Fethya Ibrahim


What is your name, year in school, and area of study? What are your preferred gender pronouns?

Fethya Ibrahim, fifth year senior, mechanical engineering; she/her.

Why did you decide to pursue your major?

It was a tough decision, but I decided to pursue my major because I liked studying how systems worked as a whole and what made things move. I liked the challenge that studying dynamics gave me, but I also liked the wide range of skills I could learn by studying mechanical engineering.

Do you experience microaggressions from professors or students because of your identity?

I don't really interact much with my professors, and the ones I have interacted with, I don't think I have ever experienced any microaggressions. As for students, I wouldn't say it was too often, only because the students I interact with on a daily basis are my friends. Sometimes, I do feel like other students don't think I belong, or that I am incapable because of the looks I get when I first come to class.

Can you describe one instance? What would you like others to learn from it?

I remember a time when I was at a study center and I overheard some students struggling on a problem that I had already solved. I went over and tried to help them out because I already knew how to do it, but one of the students seemed skeptical, as if he didn't believe that I could get it right, and that really hurt. I guess what I would like others to learn from this is that you should never doubt someone’s intelligence because of the way they look or speak.

Do you think your gender plays a role in how you are treated on campus or in the classroom—positively or negatively?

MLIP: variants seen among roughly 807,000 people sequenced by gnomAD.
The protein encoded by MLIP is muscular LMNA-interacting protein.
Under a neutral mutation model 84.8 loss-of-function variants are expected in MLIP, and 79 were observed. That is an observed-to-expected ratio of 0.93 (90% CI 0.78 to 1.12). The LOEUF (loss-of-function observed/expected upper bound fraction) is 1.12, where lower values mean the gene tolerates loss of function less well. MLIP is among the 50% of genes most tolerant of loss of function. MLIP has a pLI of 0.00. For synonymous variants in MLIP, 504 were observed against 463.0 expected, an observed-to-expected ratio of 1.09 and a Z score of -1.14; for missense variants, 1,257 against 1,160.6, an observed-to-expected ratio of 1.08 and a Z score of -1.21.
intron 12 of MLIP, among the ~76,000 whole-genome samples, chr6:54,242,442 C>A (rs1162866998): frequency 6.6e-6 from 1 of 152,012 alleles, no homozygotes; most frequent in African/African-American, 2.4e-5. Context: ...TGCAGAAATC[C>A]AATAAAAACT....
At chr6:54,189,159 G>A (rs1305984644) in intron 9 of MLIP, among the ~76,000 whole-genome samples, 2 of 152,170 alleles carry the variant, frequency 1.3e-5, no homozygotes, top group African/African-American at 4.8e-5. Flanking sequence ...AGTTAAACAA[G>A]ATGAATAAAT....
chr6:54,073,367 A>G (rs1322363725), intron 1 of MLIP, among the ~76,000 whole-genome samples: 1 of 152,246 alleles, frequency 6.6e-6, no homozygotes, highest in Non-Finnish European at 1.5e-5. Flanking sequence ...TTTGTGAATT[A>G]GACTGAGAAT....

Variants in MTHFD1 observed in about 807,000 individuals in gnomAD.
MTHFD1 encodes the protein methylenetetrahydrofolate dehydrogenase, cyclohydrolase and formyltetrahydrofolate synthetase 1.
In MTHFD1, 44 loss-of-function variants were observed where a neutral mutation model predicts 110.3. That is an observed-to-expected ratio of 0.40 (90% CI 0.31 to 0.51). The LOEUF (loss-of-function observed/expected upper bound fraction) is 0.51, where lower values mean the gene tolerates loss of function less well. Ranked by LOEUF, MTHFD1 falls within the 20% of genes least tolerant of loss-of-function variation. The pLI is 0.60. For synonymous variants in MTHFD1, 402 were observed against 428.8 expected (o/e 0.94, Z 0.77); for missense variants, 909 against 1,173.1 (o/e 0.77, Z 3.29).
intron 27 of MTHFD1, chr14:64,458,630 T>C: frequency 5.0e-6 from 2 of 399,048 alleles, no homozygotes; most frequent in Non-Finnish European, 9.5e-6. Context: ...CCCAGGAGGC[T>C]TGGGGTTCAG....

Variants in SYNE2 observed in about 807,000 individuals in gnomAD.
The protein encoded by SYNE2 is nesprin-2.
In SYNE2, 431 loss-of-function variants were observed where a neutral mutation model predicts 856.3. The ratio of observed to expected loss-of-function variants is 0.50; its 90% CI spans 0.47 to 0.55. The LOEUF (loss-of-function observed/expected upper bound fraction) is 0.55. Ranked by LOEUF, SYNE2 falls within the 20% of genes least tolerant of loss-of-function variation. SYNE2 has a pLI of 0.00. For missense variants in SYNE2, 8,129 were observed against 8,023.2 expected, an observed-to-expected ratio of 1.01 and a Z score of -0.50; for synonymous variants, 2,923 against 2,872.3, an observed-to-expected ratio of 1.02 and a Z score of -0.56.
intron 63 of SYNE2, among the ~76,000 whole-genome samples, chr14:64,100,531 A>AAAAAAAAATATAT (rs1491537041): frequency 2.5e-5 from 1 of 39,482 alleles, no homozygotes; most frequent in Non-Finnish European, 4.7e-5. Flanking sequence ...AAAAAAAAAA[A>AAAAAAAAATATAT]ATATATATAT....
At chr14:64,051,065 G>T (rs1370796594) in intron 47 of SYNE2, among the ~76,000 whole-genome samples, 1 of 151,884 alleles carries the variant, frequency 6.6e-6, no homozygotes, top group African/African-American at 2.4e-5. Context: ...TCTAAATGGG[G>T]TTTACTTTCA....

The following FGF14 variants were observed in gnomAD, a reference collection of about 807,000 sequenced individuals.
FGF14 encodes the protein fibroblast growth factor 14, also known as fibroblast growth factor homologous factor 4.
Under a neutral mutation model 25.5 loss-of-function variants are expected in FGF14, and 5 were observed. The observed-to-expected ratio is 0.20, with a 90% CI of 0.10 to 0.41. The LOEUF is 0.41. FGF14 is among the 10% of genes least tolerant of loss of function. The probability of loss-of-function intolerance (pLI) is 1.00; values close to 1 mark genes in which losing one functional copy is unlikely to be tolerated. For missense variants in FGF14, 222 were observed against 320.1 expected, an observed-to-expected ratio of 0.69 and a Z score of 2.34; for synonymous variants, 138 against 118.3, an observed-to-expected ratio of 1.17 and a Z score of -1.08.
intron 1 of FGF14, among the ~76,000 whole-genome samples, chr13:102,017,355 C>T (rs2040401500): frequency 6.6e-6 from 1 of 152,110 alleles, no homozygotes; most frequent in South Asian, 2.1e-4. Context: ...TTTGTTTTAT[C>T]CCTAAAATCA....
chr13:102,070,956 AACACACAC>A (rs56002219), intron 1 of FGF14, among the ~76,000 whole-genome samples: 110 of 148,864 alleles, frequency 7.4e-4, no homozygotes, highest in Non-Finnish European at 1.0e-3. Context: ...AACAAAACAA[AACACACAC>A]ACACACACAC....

I think it’s everything about who I am that plays a role in how I am treated. I am a Black Muslim woman in engineering, so there aren't a lot of people like me at UW. I am different, not what people are used to seeing in Mechanical Engineering, so sometimes the people around me don't know how to react.

Do you receive support in those situations? If not, what kind of support do you wish were offered? 

My support in any situation of feeling insignificant is other Black students on campus, specifically other Black engineers. NSBE (National Society of Black Engineers) has been my main source of support since I got into my major.

In what ways does the UW lack diversity or community for Black students? What changes would you like to see?

I think one way UW is lacking in my idea of a diverse community for Black students is the lack of understanding of our cultures and backgrounds. Professors have this idea that they should treat all students the exact same when not all of them are. A lot of Black students come from disadvantaged families and don't have the same vocabulary as everyone else, [which makes] it a lot harder to understand what is going on in the classroom. I would love to see STEM professors who are a lot more open to their students and willing to give extra help to those who really need it.

What are your thoughts on this year’s presidential election?

It just brought to light what a lot of us already knew about the general American population: that most middle and upper class Americans don't care about people who aren't like them.

How do you stay true to yourself when faced with adversities related to your gender or race?

Talking to other Black women definitely helps me stay true to myself. No one can truly understand the struggle unless they are living it too.

If you had the chance to tell all white people something, what would you say? 

Learn to be compassionate to the anger and hurt that our people are experiencing. Never say you understand or you know, just listen and cry with us, feel angry with us, feel our pain and help us get through it.

If you had the chance to give advice to a young Black child, what would you tell them?

Never let anyone tell you that you can't or you never will be able to do something. Push through all the negativity and make sure you take as many people as you can with you. When you become successful, don't forget the people who helped you get to where you are, and don't forget those who are where you are today.